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Nova Scotians Encouraged to Make Workplace Safety a Habit

NOTE: A list of North American Occupational Safety and Health Week activities follows this release.
Workers, employers, government, and safety leaders are doing their part to make workplace safety a habit so that more workers come home healthy and safe at the end of the day.

Minister of Labour and Advanced Education Kelly Regan will join close to 200 safety professionals and workers to kick off North American Occupational Safety and Health Week at a symposium in Dartmouth, today, May 5.

During the symposium, topics like safety leadership, occupational health and safety law, and making safety a part of the daily work routine will be discussed.

“I am happy to see so much work underway to improve workplace safety across the province,” said Carl Yates, general manager, Halifax Water. “We have been working very hard over the last year to make even more improvements to our safety programs and we are seeing some changes. We share the belief that working safely is the only way to work, and we are prepared to do whatever it takes to protect our workers.

“We talk about safety every single day at Halifax Water and we encourage other companies to do the same. We’re looking forward to continuing to play our part to make sure our workers come home safe to their families at the end of the day.”

During the symposium, Ms. Regan, along with Stuart MacLean, CEO of the Workers’ Compensation Board (WCB), will release a progress report on the province’s Workplace Safety Strategy. The five-year strategy, developed by thousands of Nova Scotians, focuses on increasing leadership, education and compliance in an effort to make Nova Scotia the safest place to work in Canada.

“Every day we do things without even thinking about it to make sure we remain safe, whether it be locking our doors, buckling our seat belts, or turning off the stove,” said Ms. Regan. “Today I call on all Nova Scotians to add working safely to their list of daily habits.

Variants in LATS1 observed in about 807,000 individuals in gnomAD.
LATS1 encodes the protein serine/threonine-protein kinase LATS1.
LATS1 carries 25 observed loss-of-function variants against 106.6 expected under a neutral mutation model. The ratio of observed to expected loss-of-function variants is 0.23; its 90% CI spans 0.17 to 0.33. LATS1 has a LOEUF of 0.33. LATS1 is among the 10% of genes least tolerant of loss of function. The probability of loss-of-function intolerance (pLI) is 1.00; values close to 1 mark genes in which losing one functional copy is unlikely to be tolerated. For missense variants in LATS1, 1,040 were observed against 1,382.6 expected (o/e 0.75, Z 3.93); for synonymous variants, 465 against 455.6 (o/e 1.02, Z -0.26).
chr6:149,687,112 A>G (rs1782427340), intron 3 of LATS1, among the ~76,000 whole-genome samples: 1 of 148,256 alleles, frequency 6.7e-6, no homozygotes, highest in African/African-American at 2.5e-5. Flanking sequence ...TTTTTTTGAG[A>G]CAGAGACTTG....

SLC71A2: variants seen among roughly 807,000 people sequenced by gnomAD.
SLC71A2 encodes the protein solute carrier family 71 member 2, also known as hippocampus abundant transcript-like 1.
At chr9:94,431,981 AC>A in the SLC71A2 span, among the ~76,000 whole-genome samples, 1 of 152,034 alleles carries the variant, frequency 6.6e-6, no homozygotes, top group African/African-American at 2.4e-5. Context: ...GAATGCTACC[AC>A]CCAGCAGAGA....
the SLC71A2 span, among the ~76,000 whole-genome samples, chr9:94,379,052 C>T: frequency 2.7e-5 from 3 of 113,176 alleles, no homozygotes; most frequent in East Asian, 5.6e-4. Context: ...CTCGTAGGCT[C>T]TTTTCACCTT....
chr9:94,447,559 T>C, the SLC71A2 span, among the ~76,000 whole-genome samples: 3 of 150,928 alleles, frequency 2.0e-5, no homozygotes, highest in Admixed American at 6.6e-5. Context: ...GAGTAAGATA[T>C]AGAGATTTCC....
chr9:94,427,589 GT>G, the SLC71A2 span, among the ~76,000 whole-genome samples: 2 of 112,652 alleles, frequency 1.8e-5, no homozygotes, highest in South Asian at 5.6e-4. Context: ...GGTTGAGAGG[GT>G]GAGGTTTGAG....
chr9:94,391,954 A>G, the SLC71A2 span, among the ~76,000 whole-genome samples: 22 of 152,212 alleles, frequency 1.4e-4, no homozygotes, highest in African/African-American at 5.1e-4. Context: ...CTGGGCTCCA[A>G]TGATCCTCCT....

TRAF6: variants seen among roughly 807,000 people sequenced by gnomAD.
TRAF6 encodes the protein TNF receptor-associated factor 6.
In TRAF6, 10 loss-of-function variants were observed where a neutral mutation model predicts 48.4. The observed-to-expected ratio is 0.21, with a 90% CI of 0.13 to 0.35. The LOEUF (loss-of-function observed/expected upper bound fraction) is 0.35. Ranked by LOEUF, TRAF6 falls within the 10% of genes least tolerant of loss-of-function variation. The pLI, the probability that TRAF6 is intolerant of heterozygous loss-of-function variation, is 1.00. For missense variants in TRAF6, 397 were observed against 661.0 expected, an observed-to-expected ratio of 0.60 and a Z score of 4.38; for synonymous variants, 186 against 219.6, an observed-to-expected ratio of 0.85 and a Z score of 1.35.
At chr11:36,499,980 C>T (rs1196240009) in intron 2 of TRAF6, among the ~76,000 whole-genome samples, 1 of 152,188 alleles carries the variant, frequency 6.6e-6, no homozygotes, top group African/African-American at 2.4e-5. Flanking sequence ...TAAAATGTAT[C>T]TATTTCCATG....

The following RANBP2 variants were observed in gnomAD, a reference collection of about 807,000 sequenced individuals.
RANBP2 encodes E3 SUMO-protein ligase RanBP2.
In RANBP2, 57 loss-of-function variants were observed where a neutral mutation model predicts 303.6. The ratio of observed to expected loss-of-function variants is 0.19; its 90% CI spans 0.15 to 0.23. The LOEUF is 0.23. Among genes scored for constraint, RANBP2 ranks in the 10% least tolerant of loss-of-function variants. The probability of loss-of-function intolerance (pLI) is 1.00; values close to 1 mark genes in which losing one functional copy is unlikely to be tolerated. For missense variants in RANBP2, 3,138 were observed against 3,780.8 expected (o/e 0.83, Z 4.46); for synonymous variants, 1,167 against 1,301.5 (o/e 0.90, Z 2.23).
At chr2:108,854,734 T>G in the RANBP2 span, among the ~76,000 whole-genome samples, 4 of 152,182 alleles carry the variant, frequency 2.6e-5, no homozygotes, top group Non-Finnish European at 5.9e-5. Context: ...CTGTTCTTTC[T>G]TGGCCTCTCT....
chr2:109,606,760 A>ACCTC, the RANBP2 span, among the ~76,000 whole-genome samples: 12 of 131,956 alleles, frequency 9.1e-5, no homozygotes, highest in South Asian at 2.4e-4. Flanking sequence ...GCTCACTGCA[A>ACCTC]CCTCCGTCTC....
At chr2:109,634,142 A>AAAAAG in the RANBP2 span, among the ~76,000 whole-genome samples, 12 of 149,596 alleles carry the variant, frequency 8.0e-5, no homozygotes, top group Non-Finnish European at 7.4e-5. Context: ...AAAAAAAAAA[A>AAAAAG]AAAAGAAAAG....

“Illness, injury and death should not be part of the job, and if we make a collective effort to keep safety our top priority at work, we can reduce and even eliminate heartbreaking workplace incidents.”

The first year of the strategy is now complete and work is underway to:
— partner with industry to increase inspections in high-risk industries by 200 per cent over the next year
— improve education and compliance by hiring an additional 18 occupational health and safety staff, including five new inspectors and a new prosecutor
— provide more training, including the delivery of more than 3,000 online safety courses, as part of a team effort to improve workplace safety
— increase marketing and promotional efforts, such as the What Matters Most marketing campaign, and WCB’s Safe@MyJob workplace safety quiz and certificate for grade 10-12 students
— create a Safe at Sea Alliance to develop an industry-led, long-term Fishing Safety Action Plan

The WCB has also hired a workplace consultant to support injury prevention and return-to-work programs for small and medium businesses.

“More and more, Nova Scotians are making safety a habit by choosing to only do something if they can do it safely,” said Mr. MacLean. “We’re seeing that commitment reflected in the progress we’ve achieved by working with our safety partners.”

Changes are also being made to the administrative penalties system to make them more consistent and fair, to make the appeals process clearer, and to direct the funds collected specifically into safety programs and initiatives.

For more information on North American Occupational Safety and Health Week, visit www.naosh.ca .

The Workplace Safety Strategy progress report is available online at www.gov.ns.ca/lae .

Source: Release

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